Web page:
Dr Irwin Lim is a rheumatologist and a director of BJC Health. You should follow him on twitter here.
Arthritis requires an integrated approach. We call this, Connected Care. Contact us.
This blog focuses on arthritis, healthcare in general, and Connected Care. Please subscribe to keep in touch:
 
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What’s the Side Effect of Avoiding Medication?

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By Dr Irwin Lim, Rheumatologist

Most patients do ask about side effects.

Their pharmacists helpfully (and sometimes, not so helpfully) provide them lots of information about side effects.

Family and friends helpfully (and sometimes, not so helpfully) share stories about side effects.

The internet is a treasure trove of side effect stories.

“What if you develop this…..”

“I put on 30 pounds on that drug….”

“Made me sick as a dog………”

“Did you hear about that class action running because that drug causes……”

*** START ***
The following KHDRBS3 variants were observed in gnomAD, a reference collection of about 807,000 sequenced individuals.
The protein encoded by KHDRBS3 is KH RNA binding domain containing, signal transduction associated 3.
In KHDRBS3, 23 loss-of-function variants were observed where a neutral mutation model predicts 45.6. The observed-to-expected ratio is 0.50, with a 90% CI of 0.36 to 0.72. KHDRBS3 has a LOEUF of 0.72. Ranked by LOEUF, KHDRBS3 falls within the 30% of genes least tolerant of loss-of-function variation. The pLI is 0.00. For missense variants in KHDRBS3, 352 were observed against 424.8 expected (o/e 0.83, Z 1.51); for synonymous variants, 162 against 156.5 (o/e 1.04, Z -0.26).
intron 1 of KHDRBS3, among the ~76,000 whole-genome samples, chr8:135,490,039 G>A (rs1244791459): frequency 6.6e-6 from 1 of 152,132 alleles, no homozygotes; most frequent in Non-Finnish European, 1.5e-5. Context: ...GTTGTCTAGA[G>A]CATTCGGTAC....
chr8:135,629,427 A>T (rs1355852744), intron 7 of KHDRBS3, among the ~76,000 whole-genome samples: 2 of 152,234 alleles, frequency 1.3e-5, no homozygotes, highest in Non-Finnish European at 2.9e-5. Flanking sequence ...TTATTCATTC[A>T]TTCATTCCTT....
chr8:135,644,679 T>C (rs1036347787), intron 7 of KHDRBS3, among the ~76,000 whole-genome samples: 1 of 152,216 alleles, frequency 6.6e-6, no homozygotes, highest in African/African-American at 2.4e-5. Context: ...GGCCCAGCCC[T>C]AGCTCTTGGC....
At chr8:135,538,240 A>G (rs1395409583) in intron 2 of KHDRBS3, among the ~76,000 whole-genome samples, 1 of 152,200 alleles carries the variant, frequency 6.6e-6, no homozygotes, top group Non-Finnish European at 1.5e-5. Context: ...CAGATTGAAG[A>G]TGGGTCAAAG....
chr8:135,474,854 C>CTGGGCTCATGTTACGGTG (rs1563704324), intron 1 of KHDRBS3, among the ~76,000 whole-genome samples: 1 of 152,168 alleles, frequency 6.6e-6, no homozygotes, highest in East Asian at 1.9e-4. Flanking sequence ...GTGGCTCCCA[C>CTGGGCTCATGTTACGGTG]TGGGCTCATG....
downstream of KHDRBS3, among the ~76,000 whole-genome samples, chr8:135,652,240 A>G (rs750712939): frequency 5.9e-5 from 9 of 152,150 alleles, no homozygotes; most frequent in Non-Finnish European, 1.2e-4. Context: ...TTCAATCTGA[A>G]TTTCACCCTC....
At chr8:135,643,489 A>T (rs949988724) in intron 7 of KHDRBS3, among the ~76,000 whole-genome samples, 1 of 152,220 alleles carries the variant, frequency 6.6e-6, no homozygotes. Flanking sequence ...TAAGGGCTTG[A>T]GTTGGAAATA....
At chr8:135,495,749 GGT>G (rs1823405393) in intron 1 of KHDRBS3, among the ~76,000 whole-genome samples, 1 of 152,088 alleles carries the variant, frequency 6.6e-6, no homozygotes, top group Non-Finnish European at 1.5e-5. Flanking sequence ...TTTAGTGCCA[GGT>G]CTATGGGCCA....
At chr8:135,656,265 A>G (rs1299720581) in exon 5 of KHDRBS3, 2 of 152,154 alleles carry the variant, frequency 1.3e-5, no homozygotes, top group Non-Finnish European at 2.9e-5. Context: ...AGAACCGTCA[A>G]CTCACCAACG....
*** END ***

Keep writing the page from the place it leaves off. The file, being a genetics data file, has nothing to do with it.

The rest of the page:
It’s not a bad thing to have an enquiring mind. I don’t expect people to take doctor’s advice or medication prescribed without thinking carefully about it.

I object when I don’t get a chance to discuss and clarify the actual risk.

I like to ask patients to consider the effect of not treating the disease, of not actually using a medication which may be effective in calming down the inflammation, effective in slowing down the progression of disease, effective in preventing deformity or pain or excessive suffering……

Sometimes it’s not clear cut and various options (including not taking any medication) need to be considered.

What I’m suggesting is that when you worry about the (potential) side effects of a medication, that you also worry about the side effects of not taking the medication.

Dr Irwin Lim is a rheumatologist and a director of BJC Health. You should follow him on twitter here.
Arthritis requires an integrated approach. We call this, Connected Care. Contact us.
This blog focuses on arthritis, healthcare in general, and Connected Care. Please subscribe to keep in touch:
 
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Using Tree Branches to understand Inflammatory Back Pain

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By Dr Irwin Lim, Rheumatologist